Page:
“I surely must be living right,” he said to Clara Goodacre. She smiled seductively as she stepped beyond the entranceway. He let his legs gap wide, making no effort to hide his growing erection. But it shriveled quickly when she saw who also stepped out of the cockpit.

“Warfield,” he rasped. The cleft in his chin quivered.

“I’ll let you fellahs talk, I know you have a lot to cover.” She went back into the cockpit to pilot the plane. The door clicked shut behind her and the sound filled Raymonds’ head. Warfield easily covered the distance between them and had him by his shirt front before his fellow billionaire could fully shake off his shock.

“Did it occur to you, asshole, we’d study a blueprint of the plant before we went in there?’ Warfield snarled his words into the other man’s face. When he realized the bear thing had a bomb inside of it counting down, he acted fast. He remembered there was a service grate toward the rear of the building. He’d used a laser device that looked like a penlight, good for one ray blast. Warfield had dashed past the bear, avoiding its claws, managing to sever part of the leg mechanism with his laser pen to slow it down. Without stopping, he grabbed up the wounded Critch Duling, and got them down the maintenance floor shaft below the building went up.

“Huh,” Raymonds breathed, sagging under the physical and psychological onslaught of Warfield. “You won’t get anything from me, you crafty bastard. Go ahead, work me over. When we land, I’ll have you arrested. You’ve got no proof tying me to the Death Bringer scheme.”

Warfield backhanded Raymonds, slapping him down into his seat that rocked when he dropped into it. “You left just enough bread crumbs for us to follow. I know you figured once we started to narrow down the location, pouring through all sorts of records I’d recognize the Ganesh Unlimited name. You wanted to buy up Grayson and send them into a ditch to protect your oil and gas investments”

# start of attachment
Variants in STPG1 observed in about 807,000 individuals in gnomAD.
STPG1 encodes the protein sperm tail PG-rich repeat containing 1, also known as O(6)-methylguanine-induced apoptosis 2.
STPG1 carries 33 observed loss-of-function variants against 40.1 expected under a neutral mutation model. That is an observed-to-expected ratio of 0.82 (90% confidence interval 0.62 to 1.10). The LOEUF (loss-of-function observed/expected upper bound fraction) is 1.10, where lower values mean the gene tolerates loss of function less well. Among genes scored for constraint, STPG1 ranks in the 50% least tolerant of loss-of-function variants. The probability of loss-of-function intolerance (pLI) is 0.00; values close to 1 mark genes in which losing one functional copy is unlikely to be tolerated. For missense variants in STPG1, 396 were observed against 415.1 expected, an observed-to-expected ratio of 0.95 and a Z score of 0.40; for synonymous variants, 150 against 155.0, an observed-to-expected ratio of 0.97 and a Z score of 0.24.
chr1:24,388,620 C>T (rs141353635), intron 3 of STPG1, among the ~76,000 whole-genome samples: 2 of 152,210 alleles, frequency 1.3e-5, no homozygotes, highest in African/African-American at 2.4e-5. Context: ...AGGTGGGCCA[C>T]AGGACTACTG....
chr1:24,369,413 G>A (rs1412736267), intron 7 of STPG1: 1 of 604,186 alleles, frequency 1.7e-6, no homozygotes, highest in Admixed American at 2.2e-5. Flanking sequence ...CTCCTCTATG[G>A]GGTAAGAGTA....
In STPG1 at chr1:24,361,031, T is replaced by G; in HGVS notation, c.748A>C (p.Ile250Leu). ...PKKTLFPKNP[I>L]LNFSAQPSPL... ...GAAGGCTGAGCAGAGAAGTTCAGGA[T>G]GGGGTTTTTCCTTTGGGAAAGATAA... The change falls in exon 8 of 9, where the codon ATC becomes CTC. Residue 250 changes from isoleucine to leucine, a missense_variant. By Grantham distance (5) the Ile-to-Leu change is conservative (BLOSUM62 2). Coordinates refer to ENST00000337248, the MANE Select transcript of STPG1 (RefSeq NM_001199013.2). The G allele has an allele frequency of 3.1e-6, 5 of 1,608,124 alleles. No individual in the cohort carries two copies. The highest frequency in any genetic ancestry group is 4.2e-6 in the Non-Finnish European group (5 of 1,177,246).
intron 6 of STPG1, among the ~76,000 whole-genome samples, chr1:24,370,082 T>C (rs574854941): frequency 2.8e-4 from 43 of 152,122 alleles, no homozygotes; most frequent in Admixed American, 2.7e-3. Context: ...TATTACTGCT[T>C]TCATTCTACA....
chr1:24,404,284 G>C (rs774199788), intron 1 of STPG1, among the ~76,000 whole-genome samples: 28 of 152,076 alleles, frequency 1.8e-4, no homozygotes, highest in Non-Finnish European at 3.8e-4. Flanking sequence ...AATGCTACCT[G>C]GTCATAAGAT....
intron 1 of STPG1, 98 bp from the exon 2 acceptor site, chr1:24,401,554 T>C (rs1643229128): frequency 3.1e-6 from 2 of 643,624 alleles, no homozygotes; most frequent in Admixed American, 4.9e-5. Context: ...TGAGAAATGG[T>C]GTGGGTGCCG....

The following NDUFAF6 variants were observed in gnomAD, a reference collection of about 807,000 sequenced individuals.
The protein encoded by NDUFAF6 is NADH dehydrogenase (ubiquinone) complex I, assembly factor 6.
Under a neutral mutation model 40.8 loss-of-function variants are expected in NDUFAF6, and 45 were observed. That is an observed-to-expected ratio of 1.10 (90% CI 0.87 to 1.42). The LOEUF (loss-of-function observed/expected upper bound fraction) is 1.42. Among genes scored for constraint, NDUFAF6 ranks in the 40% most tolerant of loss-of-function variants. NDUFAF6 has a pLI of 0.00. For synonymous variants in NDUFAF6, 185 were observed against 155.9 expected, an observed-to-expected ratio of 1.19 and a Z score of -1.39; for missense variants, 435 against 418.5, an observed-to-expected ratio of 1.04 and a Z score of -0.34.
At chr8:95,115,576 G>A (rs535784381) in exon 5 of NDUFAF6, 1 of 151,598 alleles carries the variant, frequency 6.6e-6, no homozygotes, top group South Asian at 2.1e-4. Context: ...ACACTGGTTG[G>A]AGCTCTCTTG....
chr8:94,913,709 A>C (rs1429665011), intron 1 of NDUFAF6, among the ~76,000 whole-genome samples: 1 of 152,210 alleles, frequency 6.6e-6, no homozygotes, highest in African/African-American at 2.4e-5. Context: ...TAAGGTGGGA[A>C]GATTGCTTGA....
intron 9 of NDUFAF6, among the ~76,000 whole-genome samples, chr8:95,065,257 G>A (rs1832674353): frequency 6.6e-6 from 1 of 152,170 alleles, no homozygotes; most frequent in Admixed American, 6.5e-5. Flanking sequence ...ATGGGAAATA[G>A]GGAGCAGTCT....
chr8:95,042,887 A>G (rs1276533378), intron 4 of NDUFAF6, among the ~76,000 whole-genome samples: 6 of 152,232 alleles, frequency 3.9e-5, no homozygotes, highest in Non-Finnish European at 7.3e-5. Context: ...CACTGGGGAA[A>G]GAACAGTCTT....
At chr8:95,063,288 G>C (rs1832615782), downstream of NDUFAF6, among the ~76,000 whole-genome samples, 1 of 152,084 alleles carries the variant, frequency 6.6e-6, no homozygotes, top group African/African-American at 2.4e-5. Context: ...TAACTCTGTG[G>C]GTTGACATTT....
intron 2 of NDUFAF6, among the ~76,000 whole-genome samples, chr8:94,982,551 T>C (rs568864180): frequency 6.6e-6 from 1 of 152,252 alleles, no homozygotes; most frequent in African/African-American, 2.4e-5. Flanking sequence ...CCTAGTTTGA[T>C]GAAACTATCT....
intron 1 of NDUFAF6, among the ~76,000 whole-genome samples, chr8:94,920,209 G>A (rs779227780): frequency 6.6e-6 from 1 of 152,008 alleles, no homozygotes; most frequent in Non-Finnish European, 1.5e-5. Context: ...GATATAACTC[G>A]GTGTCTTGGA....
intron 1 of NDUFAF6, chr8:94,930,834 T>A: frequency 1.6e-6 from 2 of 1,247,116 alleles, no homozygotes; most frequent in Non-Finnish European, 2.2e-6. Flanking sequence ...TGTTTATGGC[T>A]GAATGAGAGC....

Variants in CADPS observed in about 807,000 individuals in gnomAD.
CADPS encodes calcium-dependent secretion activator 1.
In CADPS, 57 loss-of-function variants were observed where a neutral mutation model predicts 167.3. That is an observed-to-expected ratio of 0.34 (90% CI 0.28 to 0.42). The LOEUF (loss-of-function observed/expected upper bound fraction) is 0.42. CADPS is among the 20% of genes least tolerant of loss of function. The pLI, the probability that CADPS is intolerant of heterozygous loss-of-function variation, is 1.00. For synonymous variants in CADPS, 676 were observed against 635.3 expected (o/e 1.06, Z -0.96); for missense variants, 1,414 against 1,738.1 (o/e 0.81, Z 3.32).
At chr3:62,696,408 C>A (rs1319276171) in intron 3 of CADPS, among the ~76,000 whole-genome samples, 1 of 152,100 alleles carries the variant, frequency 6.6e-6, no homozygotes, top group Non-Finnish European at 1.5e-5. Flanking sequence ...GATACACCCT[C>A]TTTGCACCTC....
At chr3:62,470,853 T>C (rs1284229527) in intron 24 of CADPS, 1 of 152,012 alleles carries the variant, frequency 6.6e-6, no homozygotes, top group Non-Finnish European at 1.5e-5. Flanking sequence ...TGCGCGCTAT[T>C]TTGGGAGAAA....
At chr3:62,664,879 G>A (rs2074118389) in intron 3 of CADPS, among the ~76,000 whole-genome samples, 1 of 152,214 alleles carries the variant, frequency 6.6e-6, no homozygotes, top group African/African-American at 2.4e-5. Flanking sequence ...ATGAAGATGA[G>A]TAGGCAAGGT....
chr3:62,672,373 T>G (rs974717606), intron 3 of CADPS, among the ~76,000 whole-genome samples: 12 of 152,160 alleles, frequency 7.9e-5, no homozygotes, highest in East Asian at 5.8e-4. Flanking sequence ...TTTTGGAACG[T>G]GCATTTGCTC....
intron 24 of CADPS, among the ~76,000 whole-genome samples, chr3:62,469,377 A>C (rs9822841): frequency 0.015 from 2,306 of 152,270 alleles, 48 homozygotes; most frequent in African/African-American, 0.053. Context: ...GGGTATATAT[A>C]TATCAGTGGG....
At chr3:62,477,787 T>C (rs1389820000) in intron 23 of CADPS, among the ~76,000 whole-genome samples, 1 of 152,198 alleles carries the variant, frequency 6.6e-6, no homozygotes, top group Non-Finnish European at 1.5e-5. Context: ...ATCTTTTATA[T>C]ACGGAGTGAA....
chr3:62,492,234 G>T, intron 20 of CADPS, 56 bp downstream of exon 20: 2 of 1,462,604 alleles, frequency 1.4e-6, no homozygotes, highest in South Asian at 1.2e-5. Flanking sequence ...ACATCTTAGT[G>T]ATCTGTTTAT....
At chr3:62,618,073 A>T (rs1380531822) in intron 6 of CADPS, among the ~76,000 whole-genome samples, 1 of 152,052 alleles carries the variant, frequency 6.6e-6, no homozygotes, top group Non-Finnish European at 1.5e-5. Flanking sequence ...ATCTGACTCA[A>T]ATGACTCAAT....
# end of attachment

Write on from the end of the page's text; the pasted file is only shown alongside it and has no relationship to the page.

After the untimely death of his teenage son in a hiking accident, Raymonds had gone off to discover himself. He found out he loved money. But as a cynical sop to what he considered a wasted time, he bestowed several of his subsidiaries with Buddhist or Hindu names – mocking their spiritual connections. But really, the death of his son had killed the humanity in him.

“What possibly makes you think we’re going to be landing with you in the plane, genius? There’s plenty of places to throw you out between here and home.” He paused, an agate brightness congealing behind his eyes. “And don’t forget the Pacific is a might big ocean to hide a body in.”

Raymonds took his hand away from his face and pointed at his captor. “You’re bluffing, Warfield. You might talk tough, but you’re one of the good guys. You won’t just murder me.”